Caravel Middle School in Carmel is looking into remediation options after its drinking water was found to contain PFAS, also known as "forever chemicals." Credit: Paul Sancya / AP

Drinking water from a middle school in Carmel has PFAS levels that exceed the state’s threshold, prompting the school to stop using the water for drinking and cooking while it looks into water purification options.

A water sample collected from Caravel Middle School on Irish Road on Sept. 21 had 32.5 parts PFAS per trillion parts water, which was above the state’s threshold of 20 parts per trillion, according to a letter RSU 87 Superintendent Mark Turner sent to families on Oct. 20.

Though the school’s water is still below the federal standard of 70 parts per trillion, Turner said the school has stopped the use of its water for drinking and cooking while it looks into remediation options.

“We are currently looking into the possibility of applying for the Small Public Water System Emerging Contaminant Grant, as well as speaking with local water treatment companies about our options,” Turner said.

The school brought in water bubblers and is supplying the kitchen with “an alternative water source” until a purification system is installed, Turner said. The school’s water is still safe for cleaning and hand washing.

PFAS chemicals, which have been used for decades in manufacturing for products such as food packaging, non-stick cookware and waterproof clothing, have been linked with a number of health problems, including certain types of cancer, a weakened immune system and pregnancy complications. The testing is one of a number of steps being taken as Maine tries to come to terms with the extent of PFAS contamination that has built up over decades, as the chemicals are notoriously difficult to break down.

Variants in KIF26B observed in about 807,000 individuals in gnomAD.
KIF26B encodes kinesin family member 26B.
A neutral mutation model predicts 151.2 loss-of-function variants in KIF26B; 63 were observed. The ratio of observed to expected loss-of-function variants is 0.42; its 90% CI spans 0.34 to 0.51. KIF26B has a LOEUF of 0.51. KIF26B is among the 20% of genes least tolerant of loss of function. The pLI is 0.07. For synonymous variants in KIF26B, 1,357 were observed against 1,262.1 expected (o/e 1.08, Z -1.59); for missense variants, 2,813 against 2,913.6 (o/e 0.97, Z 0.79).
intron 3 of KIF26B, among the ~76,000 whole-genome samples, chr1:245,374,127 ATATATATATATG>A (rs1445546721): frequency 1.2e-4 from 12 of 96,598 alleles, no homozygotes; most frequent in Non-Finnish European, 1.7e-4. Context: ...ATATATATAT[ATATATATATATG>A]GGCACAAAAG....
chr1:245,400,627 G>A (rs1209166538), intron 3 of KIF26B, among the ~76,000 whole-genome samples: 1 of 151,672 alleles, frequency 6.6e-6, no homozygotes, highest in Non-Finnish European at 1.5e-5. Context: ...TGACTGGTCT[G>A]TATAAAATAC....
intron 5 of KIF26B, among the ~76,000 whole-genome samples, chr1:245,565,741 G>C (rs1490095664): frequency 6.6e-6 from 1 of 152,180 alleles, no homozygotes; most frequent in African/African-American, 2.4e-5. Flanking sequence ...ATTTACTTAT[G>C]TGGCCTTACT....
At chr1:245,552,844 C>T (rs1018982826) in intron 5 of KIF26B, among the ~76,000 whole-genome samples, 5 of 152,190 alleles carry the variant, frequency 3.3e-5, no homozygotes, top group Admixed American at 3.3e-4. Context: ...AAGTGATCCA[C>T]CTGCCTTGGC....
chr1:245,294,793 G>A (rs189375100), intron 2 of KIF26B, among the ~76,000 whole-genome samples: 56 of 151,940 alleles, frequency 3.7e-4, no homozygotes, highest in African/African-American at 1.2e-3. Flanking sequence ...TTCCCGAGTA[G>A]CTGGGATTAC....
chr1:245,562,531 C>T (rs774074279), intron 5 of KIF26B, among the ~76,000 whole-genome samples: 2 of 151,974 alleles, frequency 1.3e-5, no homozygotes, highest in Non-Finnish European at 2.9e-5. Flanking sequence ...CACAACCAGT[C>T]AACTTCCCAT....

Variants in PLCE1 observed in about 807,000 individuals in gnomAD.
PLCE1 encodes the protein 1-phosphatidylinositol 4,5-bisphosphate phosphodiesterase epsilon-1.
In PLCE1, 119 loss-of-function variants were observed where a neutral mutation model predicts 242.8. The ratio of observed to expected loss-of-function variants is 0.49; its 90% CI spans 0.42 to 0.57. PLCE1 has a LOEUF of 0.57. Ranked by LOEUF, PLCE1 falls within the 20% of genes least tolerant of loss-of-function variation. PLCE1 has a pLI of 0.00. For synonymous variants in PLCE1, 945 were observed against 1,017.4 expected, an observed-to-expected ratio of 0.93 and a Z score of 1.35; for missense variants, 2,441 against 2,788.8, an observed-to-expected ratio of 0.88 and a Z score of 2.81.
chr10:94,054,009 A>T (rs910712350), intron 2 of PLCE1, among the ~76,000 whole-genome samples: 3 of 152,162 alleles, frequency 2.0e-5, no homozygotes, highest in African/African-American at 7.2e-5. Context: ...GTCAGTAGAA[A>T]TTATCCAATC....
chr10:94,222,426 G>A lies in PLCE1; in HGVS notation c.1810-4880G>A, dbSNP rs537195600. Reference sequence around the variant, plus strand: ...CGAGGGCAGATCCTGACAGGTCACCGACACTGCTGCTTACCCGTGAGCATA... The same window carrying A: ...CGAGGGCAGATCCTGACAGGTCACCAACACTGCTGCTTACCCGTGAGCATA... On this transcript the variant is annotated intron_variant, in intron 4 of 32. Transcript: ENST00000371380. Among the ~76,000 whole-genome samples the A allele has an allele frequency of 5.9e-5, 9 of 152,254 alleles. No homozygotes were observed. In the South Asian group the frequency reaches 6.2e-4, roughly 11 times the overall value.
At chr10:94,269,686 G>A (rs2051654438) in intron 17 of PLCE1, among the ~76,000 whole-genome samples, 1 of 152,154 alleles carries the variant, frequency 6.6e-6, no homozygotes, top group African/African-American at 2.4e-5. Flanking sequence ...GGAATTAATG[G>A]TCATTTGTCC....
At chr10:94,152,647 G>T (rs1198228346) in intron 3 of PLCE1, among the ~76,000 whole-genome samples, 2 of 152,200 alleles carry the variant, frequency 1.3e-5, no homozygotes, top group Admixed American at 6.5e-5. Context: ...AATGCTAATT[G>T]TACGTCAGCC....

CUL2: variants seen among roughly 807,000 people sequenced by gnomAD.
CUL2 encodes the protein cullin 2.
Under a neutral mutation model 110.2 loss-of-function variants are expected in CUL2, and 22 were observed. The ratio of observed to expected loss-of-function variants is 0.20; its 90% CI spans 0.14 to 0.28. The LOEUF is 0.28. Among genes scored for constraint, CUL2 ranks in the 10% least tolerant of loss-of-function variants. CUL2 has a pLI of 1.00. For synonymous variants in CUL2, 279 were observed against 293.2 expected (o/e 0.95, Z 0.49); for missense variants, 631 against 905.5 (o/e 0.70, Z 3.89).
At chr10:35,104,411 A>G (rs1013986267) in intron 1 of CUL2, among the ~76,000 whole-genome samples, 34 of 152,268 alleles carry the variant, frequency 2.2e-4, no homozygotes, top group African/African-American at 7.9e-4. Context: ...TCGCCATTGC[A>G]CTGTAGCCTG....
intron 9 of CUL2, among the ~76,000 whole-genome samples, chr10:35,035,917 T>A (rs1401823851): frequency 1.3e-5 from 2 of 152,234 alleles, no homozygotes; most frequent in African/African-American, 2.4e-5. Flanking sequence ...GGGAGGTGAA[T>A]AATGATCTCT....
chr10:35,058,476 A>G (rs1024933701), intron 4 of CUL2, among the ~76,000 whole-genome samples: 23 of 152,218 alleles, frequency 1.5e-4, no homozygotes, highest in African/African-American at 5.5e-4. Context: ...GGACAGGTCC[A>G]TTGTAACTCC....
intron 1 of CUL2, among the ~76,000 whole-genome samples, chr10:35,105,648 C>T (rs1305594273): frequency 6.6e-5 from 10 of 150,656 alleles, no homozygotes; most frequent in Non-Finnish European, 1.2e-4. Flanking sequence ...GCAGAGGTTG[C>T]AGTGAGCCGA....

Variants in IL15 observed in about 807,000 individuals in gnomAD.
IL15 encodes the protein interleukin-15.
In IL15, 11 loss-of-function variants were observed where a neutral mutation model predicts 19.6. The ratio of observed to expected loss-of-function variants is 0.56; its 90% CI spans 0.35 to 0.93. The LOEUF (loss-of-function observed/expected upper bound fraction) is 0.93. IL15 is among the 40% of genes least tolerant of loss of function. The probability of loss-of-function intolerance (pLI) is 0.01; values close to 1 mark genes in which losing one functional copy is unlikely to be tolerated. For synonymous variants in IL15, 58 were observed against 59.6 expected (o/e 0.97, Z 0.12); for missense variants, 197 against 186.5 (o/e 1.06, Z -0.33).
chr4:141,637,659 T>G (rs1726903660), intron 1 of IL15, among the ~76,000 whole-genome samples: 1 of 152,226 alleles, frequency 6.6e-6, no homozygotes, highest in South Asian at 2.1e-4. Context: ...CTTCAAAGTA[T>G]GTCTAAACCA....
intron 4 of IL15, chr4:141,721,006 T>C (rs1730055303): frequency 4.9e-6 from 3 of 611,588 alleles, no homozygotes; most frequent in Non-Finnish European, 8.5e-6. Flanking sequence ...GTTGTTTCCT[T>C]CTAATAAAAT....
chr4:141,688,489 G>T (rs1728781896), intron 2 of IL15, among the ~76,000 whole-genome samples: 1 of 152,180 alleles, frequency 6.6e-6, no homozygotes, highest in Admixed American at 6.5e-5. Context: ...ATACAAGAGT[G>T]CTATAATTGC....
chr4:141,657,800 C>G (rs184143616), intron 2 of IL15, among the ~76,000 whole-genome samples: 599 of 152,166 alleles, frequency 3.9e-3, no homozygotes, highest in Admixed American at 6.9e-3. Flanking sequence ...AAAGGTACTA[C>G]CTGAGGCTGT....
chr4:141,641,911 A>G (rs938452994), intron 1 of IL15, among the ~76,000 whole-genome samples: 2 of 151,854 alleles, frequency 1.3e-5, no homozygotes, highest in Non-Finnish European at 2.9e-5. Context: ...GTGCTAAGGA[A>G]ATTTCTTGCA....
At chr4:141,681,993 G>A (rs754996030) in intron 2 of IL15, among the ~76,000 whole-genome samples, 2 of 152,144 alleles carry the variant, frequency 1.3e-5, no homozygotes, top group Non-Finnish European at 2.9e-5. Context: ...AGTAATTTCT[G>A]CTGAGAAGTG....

Caravel Middle School, like hundreds of schools, child care facilities and apartment complexes on public drinking water in Maine, was required to test its drinking water for PFAS by the end of the year under a state law that passed last year. Results from many facilities and drinking water systems are still not available, according to the state’s running list of test results, but a handful of schools have also found high levels of PFAS in their water. Three schools in Hancock County with high PFAS levels planned to install filtration systems after the discovery.

Drinking water from Carmel Elementary School on Plymouth Road, also part of RSU 87, was found to have less than 2 parts per trillion of PFAS, which does not require remediation, according to the state’s results.

Results from a water sample taken from Suzanne M. Smith Elementary School in Levant, the other school that makes up RSU 87, had not been published as of Tuesday morning.

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Kathleen O'Brien

Kathleen O'Brien is a reporter covering the Bangor area. Born and raised in Portland, she joined the Bangor Daily News in 2022 after working as a Bath-area reporter at The Times Record. She graduated from...